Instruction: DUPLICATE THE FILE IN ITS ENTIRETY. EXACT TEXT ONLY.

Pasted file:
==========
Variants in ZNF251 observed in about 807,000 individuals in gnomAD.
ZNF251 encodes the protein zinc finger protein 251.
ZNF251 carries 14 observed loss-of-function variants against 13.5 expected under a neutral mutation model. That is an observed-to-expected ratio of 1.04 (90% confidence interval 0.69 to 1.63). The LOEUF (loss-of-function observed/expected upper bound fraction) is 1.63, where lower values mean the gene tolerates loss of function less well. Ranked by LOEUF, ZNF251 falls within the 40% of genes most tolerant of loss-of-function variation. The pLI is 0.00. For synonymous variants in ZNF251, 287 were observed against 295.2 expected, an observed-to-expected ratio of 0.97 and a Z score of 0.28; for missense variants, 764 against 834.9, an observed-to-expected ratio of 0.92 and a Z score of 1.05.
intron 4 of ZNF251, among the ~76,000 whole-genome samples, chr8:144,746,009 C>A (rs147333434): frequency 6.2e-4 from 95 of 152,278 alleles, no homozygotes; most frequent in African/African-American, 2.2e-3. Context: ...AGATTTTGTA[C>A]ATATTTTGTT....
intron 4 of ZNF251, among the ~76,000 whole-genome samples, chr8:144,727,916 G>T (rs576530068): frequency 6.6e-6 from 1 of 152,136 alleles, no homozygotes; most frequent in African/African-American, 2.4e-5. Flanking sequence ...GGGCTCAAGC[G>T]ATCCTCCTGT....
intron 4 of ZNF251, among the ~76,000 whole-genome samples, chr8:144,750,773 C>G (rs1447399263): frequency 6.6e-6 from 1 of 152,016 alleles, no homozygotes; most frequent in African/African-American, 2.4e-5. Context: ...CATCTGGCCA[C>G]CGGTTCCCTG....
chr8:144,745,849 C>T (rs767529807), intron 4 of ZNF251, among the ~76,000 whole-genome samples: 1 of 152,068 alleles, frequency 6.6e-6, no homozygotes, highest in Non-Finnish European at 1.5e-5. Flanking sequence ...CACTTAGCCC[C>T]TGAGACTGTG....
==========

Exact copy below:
Variants in ZNF251 observed in about 807,000 individuals in gnomAD.
ZNF251 encodes the protein zinc finger protein 251.
ZNF251 carries 14 observed loss-of-function variants against 13.5 expected under a neutral mutation model. That is an observed-to-expected ratio of 1.04 (90% confidence interval 0.69 to 1.63). The LOEUF (loss-of-function observed/expected upper bound fraction) is 1.63, where lower values mean the gene tolerates loss of function less well. Ranked by LOEUF, ZNF251 falls within the 40% of genes most tolerant of loss-of-function variation. The pLI is 0.00. For synonymous variants in ZNF251, 287 were observed against 295.2 expected, an observed-to-expected ratio of 0.97 and a Z score of 0.28; for missense variants, 764 against 834.9, an observed-to-expected ratio of 0.92 and a Z score of 1.05.
intron 4 of ZNF251, among the ~76,000 whole-genome samples, chr8:144,746,009 C>A (rs147333434): frequency 6.2e-4 from 95 of 152,278 alleles, no homozygotes; most frequent in African/African-American, 2.2e-3. Context: ...AGATTTTGTA[C>A]ATATTTTGTT....
intron 4 of ZNF251, among the ~76,000 whole-genome samples, chr8:144,727,916 G>T (rs576530068): frequency 6.6e-6 from 1 of 152,136 alleles, no homozygotes; most frequent in African/African-American, 2.4e-5. Flanking sequence ...GGGCTCAAGC[G>T]ATCCTCCTGT....
intron 4 of ZNF251, among the ~76,000 whole-genome samples, chr8:144,750,773 C>G (rs1447399263): frequency 6.6e-6 from 1 of 152,016 alleles, no homozygotes; most frequent in African/African-American, 2.4e-5. Context: ...CATCTGGCCA[C>G]CGGTTCCCTG....
chr8:144,745,849 C>T (rs767529807), intron 4 of ZNF251, among the ~76,000 whole-genome samples: 1 of 152,068 alleles, frequency 6.6e-6, no homozygotes, highest in Non-Finnish European at 1.5e-5. Flanking sequence ...CACTTAGCCC[C>T]TGAGACTGTG....